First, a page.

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Winston Prouty Will Purchase Austine School Campus

Howard Weiss-Tisman
Ava Keppler, 5, makes a cake in a grain and corn box while Winston Prouty Center Executive Director Chloe Learey lends a hand. The center expects to move into the space formerly occupied by the Austine School in June.

Brattleboro's historic Austine School campus will soon have a new owner.

The U.S. bankruptcy court approved the sale of the former school for the deaf and hard of hearing to the Winston Prouty Center, an early education program in Brattleboro.
In the end, it simply made financial sense for the Winston Prouty Center to purchase the 177-acre campus.

Winston Prouty has about 50 kids up to 5 years old in its early learning program, and the center is at capacity.

The early education center was planning a $2.4 million expansion just as the Austine School was closing.

Winston Prouty Executive Director Chloe Learey says for about the same money the early education center gets a beautiful wooded campus, with plenty of room for the kids to run around, as well as extra space to expand and start new programs for families and children.

"The moment I started walking around I thought, 'Why would we build something new if we could use the space that already existed?'" Clearey says. "And then it didn't take long to do some numbers and say it could actually cost us a lot less to buy that big campus and sell it off or rent off pieces than to build here."

Learey says owning the Austine School campus opens the doors to all sorts of ideas, from integrating senior housing with the early education center to providing more family-based services on site.

" We can't do this alone. This is not our project. We are taking the lead and we're happy to lead the way, but we need support." — Chloe Learey, executive director of Winston Prouty Center for Child Development

"We work with a lot of different agencies and we collaborate closely with them and we believe in that," she says. "If we can do something that brings together the community, helps reinvigorate an asset, creates a better resource, we do that hoping that the community will follow. We can't do this alone. This is not our project ... We're taking the lead. We're happy to lead the way, and we need support."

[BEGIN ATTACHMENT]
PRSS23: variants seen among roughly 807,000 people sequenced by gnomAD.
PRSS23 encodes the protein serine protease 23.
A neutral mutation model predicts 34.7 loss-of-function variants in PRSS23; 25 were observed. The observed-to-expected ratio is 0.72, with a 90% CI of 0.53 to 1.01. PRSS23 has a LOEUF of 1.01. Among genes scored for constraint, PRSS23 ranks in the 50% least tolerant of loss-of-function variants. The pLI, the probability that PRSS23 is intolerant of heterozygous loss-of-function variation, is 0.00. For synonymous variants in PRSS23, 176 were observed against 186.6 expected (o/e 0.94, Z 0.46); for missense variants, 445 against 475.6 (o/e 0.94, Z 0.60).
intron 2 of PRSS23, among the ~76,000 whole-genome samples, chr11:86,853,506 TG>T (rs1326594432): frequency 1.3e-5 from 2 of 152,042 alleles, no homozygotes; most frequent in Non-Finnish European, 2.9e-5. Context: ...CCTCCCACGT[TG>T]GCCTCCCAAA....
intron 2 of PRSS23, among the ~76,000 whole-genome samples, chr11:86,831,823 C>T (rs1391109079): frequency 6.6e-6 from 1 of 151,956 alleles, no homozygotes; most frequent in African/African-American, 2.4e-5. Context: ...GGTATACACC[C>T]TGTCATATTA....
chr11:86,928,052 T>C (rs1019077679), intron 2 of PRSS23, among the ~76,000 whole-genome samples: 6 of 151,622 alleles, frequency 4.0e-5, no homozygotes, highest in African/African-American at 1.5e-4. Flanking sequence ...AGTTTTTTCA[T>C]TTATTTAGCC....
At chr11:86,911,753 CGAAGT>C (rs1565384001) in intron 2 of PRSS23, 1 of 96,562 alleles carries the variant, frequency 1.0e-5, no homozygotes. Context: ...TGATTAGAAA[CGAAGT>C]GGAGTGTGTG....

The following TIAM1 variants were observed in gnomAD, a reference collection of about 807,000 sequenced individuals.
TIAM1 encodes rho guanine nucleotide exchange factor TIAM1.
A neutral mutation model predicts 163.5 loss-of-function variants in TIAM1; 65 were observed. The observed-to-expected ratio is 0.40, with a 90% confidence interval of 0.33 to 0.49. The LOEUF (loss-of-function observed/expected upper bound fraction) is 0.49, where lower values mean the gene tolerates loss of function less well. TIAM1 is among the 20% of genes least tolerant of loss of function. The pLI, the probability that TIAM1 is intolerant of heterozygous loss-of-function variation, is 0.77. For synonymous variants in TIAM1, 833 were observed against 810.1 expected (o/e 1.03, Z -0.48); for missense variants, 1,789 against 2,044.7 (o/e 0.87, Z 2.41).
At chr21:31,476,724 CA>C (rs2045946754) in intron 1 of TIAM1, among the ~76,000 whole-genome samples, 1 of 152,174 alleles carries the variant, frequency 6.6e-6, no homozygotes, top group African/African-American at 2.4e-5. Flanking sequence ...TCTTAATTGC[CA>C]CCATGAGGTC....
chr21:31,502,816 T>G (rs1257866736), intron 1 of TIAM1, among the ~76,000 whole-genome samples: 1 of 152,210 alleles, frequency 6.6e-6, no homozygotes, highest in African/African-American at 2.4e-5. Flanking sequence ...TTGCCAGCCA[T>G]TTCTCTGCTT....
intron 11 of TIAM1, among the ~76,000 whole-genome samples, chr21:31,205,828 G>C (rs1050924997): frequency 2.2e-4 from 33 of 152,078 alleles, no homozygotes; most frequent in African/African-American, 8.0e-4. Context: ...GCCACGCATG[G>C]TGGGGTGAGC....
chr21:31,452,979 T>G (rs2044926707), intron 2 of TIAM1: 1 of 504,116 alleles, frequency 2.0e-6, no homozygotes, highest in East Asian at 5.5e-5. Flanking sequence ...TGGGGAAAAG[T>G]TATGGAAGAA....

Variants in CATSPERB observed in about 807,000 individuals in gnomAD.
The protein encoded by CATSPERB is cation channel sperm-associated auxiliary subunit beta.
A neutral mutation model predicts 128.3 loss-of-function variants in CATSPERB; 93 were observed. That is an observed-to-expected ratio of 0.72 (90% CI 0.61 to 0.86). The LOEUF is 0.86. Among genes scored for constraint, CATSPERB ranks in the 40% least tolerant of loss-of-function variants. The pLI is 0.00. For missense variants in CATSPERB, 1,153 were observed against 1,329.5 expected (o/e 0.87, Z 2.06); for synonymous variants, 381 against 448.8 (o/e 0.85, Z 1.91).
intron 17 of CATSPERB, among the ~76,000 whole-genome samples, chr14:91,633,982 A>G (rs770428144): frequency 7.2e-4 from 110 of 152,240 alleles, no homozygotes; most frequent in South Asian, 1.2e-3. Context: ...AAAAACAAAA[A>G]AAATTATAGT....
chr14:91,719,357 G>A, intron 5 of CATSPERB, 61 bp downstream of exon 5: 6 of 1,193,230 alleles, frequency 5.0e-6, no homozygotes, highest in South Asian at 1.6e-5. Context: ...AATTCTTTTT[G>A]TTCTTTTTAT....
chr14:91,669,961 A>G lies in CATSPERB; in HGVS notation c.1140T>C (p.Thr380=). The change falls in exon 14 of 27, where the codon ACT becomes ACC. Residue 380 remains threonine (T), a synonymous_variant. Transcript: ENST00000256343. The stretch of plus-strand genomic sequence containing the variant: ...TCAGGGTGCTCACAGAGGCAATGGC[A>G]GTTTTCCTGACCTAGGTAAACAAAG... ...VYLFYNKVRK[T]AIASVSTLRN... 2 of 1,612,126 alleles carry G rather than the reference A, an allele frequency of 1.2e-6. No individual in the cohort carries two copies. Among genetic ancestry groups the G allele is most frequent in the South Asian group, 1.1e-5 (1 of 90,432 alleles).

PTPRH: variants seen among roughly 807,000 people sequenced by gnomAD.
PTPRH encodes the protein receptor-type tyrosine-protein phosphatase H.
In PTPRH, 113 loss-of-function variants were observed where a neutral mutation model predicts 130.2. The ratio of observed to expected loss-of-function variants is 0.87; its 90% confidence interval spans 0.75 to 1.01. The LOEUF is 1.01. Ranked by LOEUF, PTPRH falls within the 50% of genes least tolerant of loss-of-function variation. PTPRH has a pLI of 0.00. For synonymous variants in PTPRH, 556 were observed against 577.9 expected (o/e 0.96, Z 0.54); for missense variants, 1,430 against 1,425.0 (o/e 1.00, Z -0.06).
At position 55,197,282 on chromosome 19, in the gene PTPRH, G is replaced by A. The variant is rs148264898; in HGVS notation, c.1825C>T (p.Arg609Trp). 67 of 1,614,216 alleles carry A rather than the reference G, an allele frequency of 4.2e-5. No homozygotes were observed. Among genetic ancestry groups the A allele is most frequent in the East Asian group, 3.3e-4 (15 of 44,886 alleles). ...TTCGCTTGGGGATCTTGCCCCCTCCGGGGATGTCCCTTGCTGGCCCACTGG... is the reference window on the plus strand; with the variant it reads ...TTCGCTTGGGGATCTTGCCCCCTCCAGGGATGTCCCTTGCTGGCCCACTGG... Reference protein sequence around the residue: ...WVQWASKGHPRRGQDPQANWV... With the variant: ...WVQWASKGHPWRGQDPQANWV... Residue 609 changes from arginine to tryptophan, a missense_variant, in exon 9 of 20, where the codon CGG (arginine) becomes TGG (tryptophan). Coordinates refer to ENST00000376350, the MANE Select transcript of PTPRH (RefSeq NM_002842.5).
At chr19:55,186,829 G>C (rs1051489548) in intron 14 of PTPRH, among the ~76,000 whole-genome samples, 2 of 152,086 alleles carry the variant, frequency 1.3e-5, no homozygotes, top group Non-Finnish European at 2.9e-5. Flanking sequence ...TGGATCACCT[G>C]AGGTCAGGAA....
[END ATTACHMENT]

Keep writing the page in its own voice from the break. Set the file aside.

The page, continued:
The Austine School board of trustees voted to close the school in April, 2014.

The Vermont Center for the Deaf and Hard of Hearing, which ran the school and owned the campus, declared bankruptcy in September of that year.

The state of Vermont has been supporting the Austine School since 1910, and by the time the school closed the state held a $5.6 million lien on the property.

Credit Howard Weiss-Tisman / VPR
The historic five-floor, 30,000-square-foot Holton Hall on the Austine School campus was built in 1911.

Assistant Attorney General Jacob Humbert says the state wanted a public bid and auction, but ultimately no one else made on offer on the Austine campus.  

"The state will likely receive very little, or perhaps nothing in payment of its proof of claim before the bankruptcy court," Humbert says. "The reality of the situation was that very likely, unless there had been an overbid of some substantial amount, the state wouldn't have likely seen a large amount of that statutory lien that had been established over a course of roughly a century of appropriations to the Austine School."

Winston Prouty will pay $2.75 million for the campus, which includes three large buildings, two dormitories and more than 100 acres of forested land.

There are currently a number of tenants on the former Austine campus, including the University of Vermont Extension, a private Waldorf school and a team building education organization with a ropes course.

Learey says rental payments from those groups will help offset the costs of running such a large campus.

She expects the move will initially allow the early education center to add 15 or 20 more students. Learey expects to move on to the campus in June.

Howard Weiss-Tisman is Vermont Public’s southern Vermont reporter, but sometimes the story takes him to other parts of the state. 
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